Acocella asked Zubiate if he would accept delivery of a package for Ortiz. Zubiate agreed to do so and signed for the package. Acocella turned around, which was the signal to his brother agents outside to swoop in and arrest. (The foyer was so small Acocella could hold the door to the outside open as he stood in the doorway to Zubiate's apartment.) Zubiate was still on the threshold of his apartment when Special Agent Michael Szochet rushed in, gun drawn, and after he squeezed past Acocella in the foyer he turned Zubiate around and pushed him down onto the stairs leading up to his apartment. Anderson was behind Szochet and he took over custody of Zubiate, handcuffing him behind his back. After looking up the stairs to see if anyone was there, Szochet turned around and proceeded past Anderson and into the first-floor apartment.

Behind Anderson were Special Agents Ismael Quintana and Hector Colon. They passed Anderson and Zubiate at the bottom of the stairs, ascended the staircase to the upstairs apartment and conducted a security sweep.*fn4 They looked only for people who could pose a threat to the officers and found none.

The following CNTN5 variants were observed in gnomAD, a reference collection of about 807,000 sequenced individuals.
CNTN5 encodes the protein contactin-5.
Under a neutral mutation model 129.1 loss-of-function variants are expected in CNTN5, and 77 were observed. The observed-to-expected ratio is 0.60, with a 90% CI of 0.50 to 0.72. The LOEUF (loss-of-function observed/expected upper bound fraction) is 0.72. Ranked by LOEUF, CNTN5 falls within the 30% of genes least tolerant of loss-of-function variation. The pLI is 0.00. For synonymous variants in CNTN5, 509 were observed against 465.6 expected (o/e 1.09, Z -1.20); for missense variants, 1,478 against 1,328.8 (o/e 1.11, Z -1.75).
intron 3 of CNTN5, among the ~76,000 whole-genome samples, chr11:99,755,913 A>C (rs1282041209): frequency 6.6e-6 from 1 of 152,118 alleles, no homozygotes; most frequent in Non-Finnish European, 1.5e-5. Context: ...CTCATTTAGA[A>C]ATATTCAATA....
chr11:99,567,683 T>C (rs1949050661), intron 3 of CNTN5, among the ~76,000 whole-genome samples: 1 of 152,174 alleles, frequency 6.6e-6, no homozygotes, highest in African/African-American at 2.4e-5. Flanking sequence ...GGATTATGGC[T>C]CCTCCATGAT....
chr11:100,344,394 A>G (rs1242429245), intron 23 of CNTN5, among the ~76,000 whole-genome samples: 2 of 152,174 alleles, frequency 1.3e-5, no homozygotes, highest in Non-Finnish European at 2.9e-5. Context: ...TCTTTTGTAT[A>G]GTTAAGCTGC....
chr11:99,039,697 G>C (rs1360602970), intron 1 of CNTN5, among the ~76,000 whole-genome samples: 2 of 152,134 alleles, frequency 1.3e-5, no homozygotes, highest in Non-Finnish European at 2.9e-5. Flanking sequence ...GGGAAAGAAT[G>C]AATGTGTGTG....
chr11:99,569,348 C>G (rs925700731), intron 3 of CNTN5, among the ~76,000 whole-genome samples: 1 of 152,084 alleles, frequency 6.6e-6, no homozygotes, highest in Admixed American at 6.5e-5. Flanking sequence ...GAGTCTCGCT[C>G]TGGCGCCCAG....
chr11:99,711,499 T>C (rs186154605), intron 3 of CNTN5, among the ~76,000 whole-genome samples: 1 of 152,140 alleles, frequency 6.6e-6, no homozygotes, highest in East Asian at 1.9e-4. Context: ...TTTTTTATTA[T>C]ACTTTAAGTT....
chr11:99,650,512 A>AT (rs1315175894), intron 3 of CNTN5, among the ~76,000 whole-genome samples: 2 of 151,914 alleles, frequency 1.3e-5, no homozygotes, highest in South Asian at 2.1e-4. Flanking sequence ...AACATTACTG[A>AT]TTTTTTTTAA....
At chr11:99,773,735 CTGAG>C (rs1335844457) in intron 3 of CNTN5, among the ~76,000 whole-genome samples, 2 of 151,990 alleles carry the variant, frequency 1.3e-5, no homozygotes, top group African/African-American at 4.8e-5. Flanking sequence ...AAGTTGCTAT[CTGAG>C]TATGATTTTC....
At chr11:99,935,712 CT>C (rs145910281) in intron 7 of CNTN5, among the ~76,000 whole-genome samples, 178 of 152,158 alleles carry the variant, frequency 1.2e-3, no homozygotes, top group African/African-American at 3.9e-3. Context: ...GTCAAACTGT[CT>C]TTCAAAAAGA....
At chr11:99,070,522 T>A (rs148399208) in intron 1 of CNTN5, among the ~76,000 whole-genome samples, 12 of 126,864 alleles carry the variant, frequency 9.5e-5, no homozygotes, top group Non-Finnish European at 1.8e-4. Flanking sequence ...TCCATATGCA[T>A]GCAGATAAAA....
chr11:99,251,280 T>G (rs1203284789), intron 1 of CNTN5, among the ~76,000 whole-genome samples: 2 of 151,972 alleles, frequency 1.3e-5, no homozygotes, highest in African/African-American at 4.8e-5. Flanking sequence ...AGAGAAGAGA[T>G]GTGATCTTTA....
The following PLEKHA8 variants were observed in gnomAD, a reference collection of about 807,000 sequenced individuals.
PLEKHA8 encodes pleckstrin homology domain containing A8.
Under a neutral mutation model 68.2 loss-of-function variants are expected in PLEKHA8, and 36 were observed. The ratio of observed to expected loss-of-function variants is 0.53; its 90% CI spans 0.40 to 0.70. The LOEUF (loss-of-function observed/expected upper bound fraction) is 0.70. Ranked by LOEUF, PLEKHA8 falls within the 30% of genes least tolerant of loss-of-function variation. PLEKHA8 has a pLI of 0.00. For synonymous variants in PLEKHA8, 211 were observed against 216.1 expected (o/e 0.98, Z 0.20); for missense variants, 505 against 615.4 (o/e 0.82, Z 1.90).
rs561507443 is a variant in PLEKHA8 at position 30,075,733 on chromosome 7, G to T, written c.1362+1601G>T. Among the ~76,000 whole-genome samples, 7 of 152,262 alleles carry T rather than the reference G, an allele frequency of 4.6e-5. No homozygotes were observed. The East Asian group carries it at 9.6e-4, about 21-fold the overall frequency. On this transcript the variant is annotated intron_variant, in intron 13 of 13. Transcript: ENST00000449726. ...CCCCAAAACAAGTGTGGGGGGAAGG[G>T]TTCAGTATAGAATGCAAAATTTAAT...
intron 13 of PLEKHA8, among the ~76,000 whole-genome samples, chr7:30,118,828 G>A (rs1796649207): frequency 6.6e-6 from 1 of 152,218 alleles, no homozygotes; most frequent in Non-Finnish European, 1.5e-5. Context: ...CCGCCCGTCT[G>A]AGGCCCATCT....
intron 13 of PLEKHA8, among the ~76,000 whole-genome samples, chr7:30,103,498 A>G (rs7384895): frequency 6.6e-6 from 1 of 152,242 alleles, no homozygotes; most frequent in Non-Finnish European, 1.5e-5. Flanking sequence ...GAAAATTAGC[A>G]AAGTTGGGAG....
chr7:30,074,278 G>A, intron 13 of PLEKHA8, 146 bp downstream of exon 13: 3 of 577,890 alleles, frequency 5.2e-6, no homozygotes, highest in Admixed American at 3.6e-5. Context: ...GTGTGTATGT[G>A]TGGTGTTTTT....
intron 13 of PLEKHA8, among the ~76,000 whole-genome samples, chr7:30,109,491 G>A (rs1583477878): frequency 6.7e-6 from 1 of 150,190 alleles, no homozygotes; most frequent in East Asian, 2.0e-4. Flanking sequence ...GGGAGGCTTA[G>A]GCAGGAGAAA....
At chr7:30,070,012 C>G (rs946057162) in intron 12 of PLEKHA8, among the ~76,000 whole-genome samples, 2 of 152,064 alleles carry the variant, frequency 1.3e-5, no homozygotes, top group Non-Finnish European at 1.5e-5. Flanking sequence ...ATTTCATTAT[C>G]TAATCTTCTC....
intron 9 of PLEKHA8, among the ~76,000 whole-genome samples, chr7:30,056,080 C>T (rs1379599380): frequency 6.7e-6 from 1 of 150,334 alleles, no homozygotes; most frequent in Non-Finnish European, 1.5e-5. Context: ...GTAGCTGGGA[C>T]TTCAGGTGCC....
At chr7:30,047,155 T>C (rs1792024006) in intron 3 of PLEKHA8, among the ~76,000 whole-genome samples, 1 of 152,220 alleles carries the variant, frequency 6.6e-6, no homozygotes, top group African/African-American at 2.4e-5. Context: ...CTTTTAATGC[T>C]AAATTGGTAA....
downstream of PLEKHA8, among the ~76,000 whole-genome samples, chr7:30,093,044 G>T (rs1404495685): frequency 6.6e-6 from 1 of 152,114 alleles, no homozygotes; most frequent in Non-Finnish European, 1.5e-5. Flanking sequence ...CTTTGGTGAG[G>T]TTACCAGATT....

In the meantime, Anderson asked Zubiate if they could go up the stairs to the apartment. Zubiate answered in the affirmative, and they went up the stairs. Anderson detected a strong odor of marijuana. He asked Zubiate if there were any guns, drugs or people in the apartment. Zubiate said he was alone, but there were drugs, since he was a "weed dealer." Once they were in the apartment, Anderson asked for consent to search it, and Zubiate said yes. He also told the agents where they could find marijuana (under a bed in the master bedroom and in a suitcase near the top of the stairs) and cocaine (in lockboxes in a coat closet). The agents seized about 11 kilograms of marijuana and about 3.2 grams of cocaine in those places, as well as about $4,000 in cash from the lockboxes.

During this same period, Anderson asked Zubiate questions about Ortiz and his whereabouts and took a number of statements from Zubiate about his marijuana trafficking. At about 11:45 a.m., a little more than half an hour after the agents entered the apartment, Anderson finally advised Zubiate of his Miranda rights. Zubiate waived those rights, orally and later in ...